Once, Vanga told her father that she knew of a place where such a treasure was buried, and described the location not far from Strumitsa: a deserted village, beside a river and a small forest. Between the river and the forest emerged a sharp, serrated rock, and under this rock, according to Vanga's description, money was buried. The father was surprised and sighed incredulously.

Vanga still frowned and didn't say a word. The father became awkward. Thinking for a moment, he figured it could happen. The village called Rayantsy was abandoned by the villagers after a plague, and never returned. It lies on the bank of a small river, indeed, there is a forest and a rock. The father asked Vanga how she knew the place, and she replied that she had dreamed. So he asked Vanga to go to Ryantsy to try his luck.

The whole family is on the road. Lubka recalls that Vanga orientated very confidently, seemed to have been here many times, and all was as she described it.

They followed the riverbank below the rock, and the father decided to come back later, carrying a shovel to try his luck.

But then he fell and broke his arm. Then the river was blocked to make a cistern. Even if there is a real money jar buried there, it will forever be submerged under water. And the dream of getting rich is shattered.

Soon, one of the sheep in Mr. Pande's flock, got lost. The father returned home with great anxiety because he had nothing to compensate, he was afraid of being fired and his family would starve to death. At that moment, the blind daughter came out to help him.

Vanga said that the lost sheep is currently being shepherded by someone named Atanac in the village of Monospitovo. And she described his appearance in detail. The father was extremely surprised because even he did not know that person, let alone Vanga because she never stepped out of the house. But anyway, he still found his way to that village, and indeed found the lost sheep in the herd of sheep that Vanga described.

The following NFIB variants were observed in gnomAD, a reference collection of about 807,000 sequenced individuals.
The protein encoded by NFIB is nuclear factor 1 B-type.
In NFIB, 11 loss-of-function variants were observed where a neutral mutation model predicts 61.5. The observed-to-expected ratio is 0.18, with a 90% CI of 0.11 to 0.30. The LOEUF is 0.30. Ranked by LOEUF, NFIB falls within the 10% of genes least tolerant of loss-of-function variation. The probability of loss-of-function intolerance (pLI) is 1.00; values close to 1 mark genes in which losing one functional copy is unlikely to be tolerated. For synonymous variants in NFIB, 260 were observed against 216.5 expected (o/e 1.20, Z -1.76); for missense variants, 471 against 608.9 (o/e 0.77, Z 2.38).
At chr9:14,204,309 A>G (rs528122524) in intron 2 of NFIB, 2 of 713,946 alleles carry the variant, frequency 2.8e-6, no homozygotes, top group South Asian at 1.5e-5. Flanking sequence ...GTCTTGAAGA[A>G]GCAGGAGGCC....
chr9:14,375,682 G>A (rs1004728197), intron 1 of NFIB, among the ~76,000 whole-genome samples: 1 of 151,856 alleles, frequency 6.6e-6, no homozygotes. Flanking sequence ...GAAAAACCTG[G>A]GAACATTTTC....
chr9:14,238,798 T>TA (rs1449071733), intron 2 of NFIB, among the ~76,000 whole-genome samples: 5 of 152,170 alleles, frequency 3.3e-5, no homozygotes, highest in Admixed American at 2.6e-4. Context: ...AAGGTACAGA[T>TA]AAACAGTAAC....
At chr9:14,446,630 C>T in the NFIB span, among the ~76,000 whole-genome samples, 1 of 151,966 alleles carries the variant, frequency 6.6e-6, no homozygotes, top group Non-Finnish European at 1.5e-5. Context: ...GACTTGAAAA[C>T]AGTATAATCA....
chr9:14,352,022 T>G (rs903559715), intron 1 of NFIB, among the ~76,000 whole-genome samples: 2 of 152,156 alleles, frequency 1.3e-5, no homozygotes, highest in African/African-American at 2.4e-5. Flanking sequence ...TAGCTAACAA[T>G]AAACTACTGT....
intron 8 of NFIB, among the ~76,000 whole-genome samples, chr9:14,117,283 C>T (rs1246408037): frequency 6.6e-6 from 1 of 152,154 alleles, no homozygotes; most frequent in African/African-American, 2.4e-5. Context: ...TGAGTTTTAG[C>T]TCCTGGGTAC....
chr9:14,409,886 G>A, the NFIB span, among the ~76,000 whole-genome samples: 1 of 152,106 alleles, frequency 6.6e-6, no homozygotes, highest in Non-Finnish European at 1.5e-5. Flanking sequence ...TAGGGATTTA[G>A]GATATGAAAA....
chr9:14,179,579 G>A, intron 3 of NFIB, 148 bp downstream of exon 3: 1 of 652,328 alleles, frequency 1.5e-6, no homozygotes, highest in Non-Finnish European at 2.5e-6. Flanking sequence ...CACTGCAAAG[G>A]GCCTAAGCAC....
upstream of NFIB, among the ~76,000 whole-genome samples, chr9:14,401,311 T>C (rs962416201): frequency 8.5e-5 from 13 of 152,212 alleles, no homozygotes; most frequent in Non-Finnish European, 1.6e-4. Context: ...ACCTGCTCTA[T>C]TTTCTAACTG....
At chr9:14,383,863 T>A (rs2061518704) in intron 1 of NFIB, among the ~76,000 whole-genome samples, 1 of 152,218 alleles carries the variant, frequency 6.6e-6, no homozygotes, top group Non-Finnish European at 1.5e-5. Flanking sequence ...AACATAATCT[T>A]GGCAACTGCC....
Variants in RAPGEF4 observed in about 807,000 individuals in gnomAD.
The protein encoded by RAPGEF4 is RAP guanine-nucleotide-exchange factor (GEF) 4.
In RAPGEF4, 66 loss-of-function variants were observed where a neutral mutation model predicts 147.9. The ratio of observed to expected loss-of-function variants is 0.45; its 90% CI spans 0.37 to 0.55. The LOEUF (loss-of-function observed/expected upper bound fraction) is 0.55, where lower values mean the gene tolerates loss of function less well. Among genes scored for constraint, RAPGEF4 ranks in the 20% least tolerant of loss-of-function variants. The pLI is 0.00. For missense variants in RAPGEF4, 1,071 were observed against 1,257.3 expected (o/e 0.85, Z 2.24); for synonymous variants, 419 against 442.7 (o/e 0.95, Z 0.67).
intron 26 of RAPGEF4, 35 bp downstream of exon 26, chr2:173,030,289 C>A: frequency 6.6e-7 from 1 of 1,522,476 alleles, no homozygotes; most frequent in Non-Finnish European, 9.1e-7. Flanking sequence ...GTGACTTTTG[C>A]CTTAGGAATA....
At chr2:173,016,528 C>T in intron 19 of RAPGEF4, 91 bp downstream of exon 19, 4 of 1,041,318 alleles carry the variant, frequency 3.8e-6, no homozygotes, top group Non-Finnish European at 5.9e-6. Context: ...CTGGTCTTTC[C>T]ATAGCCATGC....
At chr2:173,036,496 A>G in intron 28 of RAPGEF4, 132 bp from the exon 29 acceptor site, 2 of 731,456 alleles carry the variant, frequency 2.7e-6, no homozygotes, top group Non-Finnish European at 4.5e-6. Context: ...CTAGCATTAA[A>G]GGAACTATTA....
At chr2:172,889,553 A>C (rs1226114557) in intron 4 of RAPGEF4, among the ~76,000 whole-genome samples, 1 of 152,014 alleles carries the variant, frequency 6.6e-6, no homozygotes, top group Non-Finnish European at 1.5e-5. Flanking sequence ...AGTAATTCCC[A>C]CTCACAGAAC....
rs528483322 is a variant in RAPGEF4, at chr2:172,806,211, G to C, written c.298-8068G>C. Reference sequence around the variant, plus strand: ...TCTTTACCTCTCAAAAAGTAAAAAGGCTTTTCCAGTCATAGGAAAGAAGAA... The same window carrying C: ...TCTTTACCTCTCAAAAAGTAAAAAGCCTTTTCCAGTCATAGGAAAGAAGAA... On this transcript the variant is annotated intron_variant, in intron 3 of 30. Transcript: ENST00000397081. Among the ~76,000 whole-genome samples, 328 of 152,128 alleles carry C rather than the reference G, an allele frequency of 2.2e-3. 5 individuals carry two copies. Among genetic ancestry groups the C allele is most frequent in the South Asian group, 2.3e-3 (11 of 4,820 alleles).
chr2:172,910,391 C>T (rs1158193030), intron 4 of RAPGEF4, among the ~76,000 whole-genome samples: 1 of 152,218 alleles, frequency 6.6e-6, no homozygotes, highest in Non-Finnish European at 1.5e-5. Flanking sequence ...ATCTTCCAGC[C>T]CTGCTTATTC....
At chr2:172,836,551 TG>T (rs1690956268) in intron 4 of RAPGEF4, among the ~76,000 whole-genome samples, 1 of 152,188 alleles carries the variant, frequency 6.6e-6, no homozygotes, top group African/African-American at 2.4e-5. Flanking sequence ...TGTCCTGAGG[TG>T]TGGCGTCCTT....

Taking the sheep home, he began to ask his daughter how she knew that, and Vanga replied that she had dreamed. She often sadly repeats over and over that she dreams of troublesome things, and then comes true.

In the cold season, their life is even more miserable. They mostly warmed themselves with pine needles picked by the two sisters on the edge of the city. But the pine needles also run out quickly, and they can't always be picked up. Furthermore, their thatched-roof house was draughty.

The poorest families in Strumitsa on New Year's Eve receive a small subsidy from the commune, but receiving this allowance is not easy. Vanga and Lubka had to stand in line for a week in front of the town hall. Sometimes Vanga stood barefoot for hours on the freezing cement floor, causing her legs to bruise from the cold.

Although physically fit, in 1930, Vanga fell ill with pleurisy. For nearly 8 months, her life was like a hair hanging. Lubka took great care of her sister. But Vanga's health is getting worse and worse. She was completely exhausted, and on sunny days, Lubka carried her out into the street like a child.

In 1939, during an election campaign, the masses began to express their displeasure with the policies of the Bulgarian Government, which was close to Germany. Mass demonstrations and strikes broke out in succession. A wave of arrests followed.

Among those arrested was Mr. Pande: someone accused him of publicly declaring the dangers of such a course. The interrogation began again with the application of "extreme" measures. He was forced to give the names of people "joined in the struggle against the government". But then they found no evidence of Mr. Pande's guilt; he was set free.

When Mr. Pande returned home, his body was covered with bruises and bruises, and his soul was also wounded by mental scars. At 53 years old, he looks like an old man. The daughters took care of their father's wounds with folk remedies they could buy.

Still not fully recovered, Mr. Pande campaigned throughout the villages.

Early the next year, Lubka fell ill with meningitis. She was admitted to Shtip city hospital. The hospital has no space, I have to lie in the hallway. For two weeks Lubka fought for life with the god of death, but perhaps by fate she was cured.

Returning home, Lubka found Vanga completely exhausted, sick and helpless. When Lubka was away, no one ever came to the house, and Vanga did not eat or drink for many days. She is overjoyed that Lubka is back healthy and well.

Continue: Vanga's Mysterious Life Story - Part 4: Witch or Prophet